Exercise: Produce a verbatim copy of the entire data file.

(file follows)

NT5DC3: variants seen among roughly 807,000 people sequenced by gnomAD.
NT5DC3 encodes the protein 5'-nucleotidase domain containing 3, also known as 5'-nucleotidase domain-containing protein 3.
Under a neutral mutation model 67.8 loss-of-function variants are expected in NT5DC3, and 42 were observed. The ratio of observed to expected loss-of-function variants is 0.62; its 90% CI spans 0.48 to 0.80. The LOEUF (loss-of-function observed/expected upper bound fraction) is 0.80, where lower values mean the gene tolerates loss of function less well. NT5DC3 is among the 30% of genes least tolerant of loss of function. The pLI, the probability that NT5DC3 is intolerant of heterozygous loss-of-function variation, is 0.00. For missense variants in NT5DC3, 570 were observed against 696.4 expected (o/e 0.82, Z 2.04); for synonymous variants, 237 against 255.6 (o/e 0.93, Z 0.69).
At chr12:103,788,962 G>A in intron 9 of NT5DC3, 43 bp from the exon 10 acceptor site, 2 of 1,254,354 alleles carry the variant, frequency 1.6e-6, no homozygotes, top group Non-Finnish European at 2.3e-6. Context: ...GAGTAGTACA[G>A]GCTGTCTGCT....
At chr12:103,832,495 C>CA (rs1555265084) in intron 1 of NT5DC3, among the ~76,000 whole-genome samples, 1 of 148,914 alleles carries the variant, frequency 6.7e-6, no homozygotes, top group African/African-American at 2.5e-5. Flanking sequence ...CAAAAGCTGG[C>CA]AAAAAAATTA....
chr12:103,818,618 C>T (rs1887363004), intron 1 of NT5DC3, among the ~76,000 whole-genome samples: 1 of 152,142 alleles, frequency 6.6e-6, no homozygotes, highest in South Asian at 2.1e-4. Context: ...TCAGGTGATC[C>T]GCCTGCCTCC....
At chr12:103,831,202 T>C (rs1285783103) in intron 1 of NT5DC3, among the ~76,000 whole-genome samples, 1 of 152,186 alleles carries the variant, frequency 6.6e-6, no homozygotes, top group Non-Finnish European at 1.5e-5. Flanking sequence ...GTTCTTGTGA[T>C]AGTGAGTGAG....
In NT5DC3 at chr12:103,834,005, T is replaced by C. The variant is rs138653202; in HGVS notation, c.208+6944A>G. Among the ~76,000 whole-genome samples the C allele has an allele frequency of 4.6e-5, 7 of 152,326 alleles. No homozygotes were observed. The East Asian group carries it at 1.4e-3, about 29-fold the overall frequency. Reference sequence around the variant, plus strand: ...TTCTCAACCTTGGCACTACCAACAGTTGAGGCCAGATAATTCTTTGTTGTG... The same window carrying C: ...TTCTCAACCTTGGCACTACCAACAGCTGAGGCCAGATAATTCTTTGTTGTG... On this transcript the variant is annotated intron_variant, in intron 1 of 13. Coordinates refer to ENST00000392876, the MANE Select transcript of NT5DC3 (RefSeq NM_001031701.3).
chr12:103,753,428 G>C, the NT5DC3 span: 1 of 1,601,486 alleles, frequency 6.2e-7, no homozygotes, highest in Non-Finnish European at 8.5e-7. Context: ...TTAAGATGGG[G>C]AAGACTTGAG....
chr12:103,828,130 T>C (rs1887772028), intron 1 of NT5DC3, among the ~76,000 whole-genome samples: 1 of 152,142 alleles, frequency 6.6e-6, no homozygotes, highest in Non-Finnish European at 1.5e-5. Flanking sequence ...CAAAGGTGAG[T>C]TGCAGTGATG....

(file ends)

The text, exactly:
NT5DC3: variants seen among roughly 807,000 people sequenced by gnomAD.
NT5DC3 encodes the protein 5'-nucleotidase domain containing 3, also known as 5'-nucleotidase domain-containing protein 3.
Under a neutral mutation model 67.8 loss-of-function variants are expected in NT5DC3, and 42 were observed. The ratio of observed to expected loss-of-function variants is 0.62; its 90% CI spans 0.48 to 0.80. The LOEUF (loss-of-function observed/expected upper bound fraction) is 0.80, where lower values mean the gene tolerates loss of function less well. NT5DC3 is among the 30% of genes least tolerant of loss of function. The pLI, the probability that NT5DC3 is intolerant of heterozygous loss-of-function variation, is 0.00. For missense variants in NT5DC3, 570 were observed against 696.4 expected (o/e 0.82, Z 2.04); for synonymous variants, 237 against 255.6 (o/e 0.93, Z 0.69).
At chr12:103,788,962 G>A in intron 9 of NT5DC3, 43 bp from the exon 10 acceptor site, 2 of 1,254,354 alleles carry the variant, frequency 1.6e-6, no homozygotes, top group Non-Finnish European at 2.3e-6. Context: ...GAGTAGTACA[G>A]GCTGTCTGCT....
At chr12:103,832,495 C>CA (rs1555265084) in intron 1 of NT5DC3, among the ~76,000 whole-genome samples, 1 of 148,914 alleles carries the variant, frequency 6.7e-6, no homozygotes, top group African/African-American at 2.5e-5. Flanking sequence ...CAAAAGCTGG[C>CA]AAAAAAATTA....
chr12:103,818,618 C>T (rs1887363004), intron 1 of NT5DC3, among the ~76,000 whole-genome samples: 1 of 152,142 alleles, frequency 6.6e-6, no homozygotes, highest in South Asian at 2.1e-4. Context: ...TCAGGTGATC[C>T]GCCTGCCTCC....
At chr12:103,831,202 T>C (rs1285783103) in intron 1 of NT5DC3, among the ~76,000 whole-genome samples, 1 of 152,186 alleles carries the variant, frequency 6.6e-6, no homozygotes, top group Non-Finnish European at 1.5e-5. Flanking sequence ...GTTCTTGTGA[T>C]AGTGAGTGAG....
In NT5DC3 at chr12:103,834,005, T is replaced by C. The variant is rs138653202; in HGVS notation, c.208+6944A>G. Among the ~76,000 whole-genome samples the C allele has an allele frequency of 4.6e-5, 7 of 152,326 alleles. No homozygotes were observed. The East Asian group carries it at 1.4e-3, about 29-fold the overall frequency. Reference sequence around the variant, plus strand: ...TTCTCAACCTTGGCACTACCAACAGTTGAGGCCAGATAATTCTTTGTTGTG... The same window carrying C: ...TTCTCAACCTTGGCACTACCAACAGCTGAGGCCAGATAATTCTTTGTTGTG... On this transcript the variant is annotated intron_variant, in intron 1 of 13. Coordinates refer to ENST00000392876, the MANE Select transcript of NT5DC3 (RefSeq NM_001031701.3).
chr12:103,753,428 G>C, the NT5DC3 span: 1 of 1,601,486 alleles, frequency 6.2e-7, no homozygotes, highest in Non-Finnish European at 8.5e-7. Context: ...TTAAGATGGG[G>C]AAGACTTGAG....
chr12:103,828,130 T>C (rs1887772028), intron 1 of NT5DC3, among the ~76,000 whole-genome samples: 1 of 152,142 alleles, frequency 6.6e-6, no homozygotes, highest in Non-Finnish European at 1.5e-5. Flanking sequence ...CAAAGGTGAG[T>C]TGCAGTGATG....